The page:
Unnecessary barbs thrown over “Cancer Treatment Fairness Act” in Senate Appropriations

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Unexpectedly sharp words were exchanged over a hearing of Lizbeth Benacquisto’s “Cancer Treatment Fairness Act” in response to opposition on the bill from the Florida Association of Health Plans.

Benacquisto’s SB 422 requires insurers to provide coverage for oral cancer drugs equitably to coverage for intravenously administered or injected drugs, and prohibits insurers from raising costs on IV drugs to comply with the bill.

Although historically, intravenous methods are most common for administering chemotherapy, at least one quarter of drugs in oncology development are oral medications, many of which do not have an IV equivalent. While intravenous medications are usually covered by health plans as an office or outpatient service, oral cancer drugs are usually treated as a prescription drug benefit, leaving many patients with prohibitively high costs to comply with treatment.

Simple enough?

Not quite; and when Michael Garner with the Florida Association of Health Plans (FAHP) addressed Senate Appropriations in opposition to the bill, the response from the panel was harsh.

Garner cited several problems with the bill in its current form, such as the effective date causing state-federal conflicts, and issues with rate and form filings and  the high costs of drugs.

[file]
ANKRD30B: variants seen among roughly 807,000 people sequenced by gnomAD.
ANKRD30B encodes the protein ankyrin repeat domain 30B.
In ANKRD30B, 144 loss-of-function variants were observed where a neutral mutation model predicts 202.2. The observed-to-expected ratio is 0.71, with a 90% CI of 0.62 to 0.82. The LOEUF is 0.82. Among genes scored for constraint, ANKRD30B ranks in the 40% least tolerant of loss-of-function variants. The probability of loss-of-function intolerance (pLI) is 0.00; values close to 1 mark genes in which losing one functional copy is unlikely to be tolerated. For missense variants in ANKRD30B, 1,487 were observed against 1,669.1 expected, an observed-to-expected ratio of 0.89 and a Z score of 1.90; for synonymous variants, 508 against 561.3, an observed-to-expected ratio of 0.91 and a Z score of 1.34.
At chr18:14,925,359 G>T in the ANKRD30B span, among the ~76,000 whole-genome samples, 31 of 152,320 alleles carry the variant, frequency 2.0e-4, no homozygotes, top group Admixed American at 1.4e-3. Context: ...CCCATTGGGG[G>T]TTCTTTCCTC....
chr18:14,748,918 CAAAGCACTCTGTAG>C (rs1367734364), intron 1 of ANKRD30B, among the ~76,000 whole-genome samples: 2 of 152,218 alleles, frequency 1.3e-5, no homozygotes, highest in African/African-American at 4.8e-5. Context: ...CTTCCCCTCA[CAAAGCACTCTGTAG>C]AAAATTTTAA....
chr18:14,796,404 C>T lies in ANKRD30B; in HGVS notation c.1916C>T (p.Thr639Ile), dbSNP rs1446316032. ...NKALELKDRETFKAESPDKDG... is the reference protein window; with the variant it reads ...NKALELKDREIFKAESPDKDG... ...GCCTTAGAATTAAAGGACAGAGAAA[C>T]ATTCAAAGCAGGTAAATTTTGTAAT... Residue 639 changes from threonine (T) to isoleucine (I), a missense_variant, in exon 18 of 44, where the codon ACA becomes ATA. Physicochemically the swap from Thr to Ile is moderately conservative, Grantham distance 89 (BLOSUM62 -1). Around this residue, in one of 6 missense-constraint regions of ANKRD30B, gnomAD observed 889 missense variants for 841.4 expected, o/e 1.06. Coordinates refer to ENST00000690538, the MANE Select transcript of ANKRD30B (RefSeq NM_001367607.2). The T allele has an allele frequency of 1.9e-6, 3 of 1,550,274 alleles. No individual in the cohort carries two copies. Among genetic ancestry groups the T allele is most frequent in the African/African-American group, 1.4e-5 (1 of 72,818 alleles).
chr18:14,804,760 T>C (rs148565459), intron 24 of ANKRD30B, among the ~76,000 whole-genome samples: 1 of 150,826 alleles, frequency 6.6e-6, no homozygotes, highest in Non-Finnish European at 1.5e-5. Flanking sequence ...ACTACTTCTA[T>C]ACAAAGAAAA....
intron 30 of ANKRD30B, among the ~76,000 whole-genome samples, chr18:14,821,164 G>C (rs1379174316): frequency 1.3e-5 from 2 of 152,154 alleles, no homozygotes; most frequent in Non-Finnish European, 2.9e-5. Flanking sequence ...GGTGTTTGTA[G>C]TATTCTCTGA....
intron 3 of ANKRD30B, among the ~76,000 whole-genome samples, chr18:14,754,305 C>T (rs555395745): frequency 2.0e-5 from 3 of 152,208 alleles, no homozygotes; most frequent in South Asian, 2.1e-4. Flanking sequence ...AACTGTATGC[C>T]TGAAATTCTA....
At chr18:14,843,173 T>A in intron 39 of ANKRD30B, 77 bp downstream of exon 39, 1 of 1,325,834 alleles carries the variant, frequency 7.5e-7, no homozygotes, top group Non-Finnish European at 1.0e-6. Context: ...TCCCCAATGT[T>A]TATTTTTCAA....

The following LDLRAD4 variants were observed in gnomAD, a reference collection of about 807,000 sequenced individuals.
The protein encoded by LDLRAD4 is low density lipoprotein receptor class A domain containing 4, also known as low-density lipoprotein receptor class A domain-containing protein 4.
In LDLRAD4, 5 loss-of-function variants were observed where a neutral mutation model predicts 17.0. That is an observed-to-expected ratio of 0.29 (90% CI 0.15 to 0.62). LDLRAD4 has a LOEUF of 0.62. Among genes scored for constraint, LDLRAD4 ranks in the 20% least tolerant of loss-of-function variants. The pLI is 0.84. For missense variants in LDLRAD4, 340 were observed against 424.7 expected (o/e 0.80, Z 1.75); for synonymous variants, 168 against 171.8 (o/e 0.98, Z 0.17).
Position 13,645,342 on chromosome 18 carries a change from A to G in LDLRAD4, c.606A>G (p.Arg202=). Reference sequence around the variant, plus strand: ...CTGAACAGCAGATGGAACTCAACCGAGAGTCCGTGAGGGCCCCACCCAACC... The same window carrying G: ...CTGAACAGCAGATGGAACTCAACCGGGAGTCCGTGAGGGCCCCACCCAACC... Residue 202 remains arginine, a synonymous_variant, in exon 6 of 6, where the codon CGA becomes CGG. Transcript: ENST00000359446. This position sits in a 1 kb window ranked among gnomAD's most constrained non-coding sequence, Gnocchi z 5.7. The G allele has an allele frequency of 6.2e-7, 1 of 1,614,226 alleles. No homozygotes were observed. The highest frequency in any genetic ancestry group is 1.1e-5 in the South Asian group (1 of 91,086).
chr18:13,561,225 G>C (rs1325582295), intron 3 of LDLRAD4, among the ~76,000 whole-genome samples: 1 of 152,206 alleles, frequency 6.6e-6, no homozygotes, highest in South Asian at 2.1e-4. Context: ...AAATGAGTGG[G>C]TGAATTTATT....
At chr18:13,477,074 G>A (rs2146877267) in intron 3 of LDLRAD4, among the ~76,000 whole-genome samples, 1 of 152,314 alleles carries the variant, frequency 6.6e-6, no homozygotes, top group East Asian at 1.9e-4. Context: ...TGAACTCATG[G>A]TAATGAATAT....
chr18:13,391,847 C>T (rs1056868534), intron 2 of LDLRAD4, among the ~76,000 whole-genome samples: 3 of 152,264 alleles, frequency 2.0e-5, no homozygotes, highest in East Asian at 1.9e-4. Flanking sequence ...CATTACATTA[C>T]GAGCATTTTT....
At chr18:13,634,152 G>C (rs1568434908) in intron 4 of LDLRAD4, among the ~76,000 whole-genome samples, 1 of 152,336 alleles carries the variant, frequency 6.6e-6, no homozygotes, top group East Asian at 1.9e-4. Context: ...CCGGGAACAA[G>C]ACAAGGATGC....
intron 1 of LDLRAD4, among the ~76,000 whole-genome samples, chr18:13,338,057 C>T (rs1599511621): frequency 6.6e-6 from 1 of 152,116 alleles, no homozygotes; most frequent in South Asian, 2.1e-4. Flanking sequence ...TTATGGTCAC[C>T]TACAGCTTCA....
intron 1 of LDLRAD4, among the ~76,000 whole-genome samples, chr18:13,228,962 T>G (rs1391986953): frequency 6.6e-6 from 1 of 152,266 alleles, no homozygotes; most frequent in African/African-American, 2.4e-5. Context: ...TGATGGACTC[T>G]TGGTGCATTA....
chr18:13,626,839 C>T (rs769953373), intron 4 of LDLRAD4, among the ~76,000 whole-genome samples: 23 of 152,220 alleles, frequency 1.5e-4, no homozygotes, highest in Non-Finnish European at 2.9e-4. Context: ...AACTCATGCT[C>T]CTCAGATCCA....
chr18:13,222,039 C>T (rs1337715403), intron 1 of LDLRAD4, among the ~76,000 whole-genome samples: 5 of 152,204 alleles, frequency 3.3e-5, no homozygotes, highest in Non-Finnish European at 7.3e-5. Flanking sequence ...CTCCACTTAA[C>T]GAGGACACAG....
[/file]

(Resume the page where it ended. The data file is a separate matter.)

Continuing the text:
In sequential order, here are clips of the dialogue that followed:

Sen. Negron: “Did your Association really make a political decision to stand up and oppose a bill with 24 cosponsors in Senate, and all the bill says, is  if an insurance company is going to pay for things to come into your arm because you have cancer, and there is something available to take orally for the same thing, that you have to pay for that? Was this worth the effort today?”

Sen. Ring: “This drives me nuts, it truly does…. if there is a real issue I’m sure Sen. Benacquisto can work through it… It makes me very angry that this bill is being opposed like this.”

Brian Pitts: “I looked at it, looked at it, looked at it again. Then I said ok, let’s look at what the staff got to say.    Because they’re supposed to help you all, you know get this done and get this done correctly. I mean you hire them, you’ve got attorneys on board and everything. The gentleman before you, you kinda tried to shoot him down, but he made some valid points that your staff brought up. Now if your staff can negate it today, then fine. But by shooting him down you kinda shot your staff down too.”

Sen. Benacquisto: “I just want to say for the record that a meeting was never requested from the Health Plans to discuss their concerns, or to attempt to work out any solution, or to raise any issue or at all. Or, frankly, to say ‘gosh we support the bill but just have an issue with an effective date.’   I think what you heard today was the raising of a concern about an effective date, but the underlying comment was, ‘We support the bill, and we support  the access of individuals to have the treatment their doctor thinks is best.’

Well said, Senator.

The bill passed unanimously 19-0.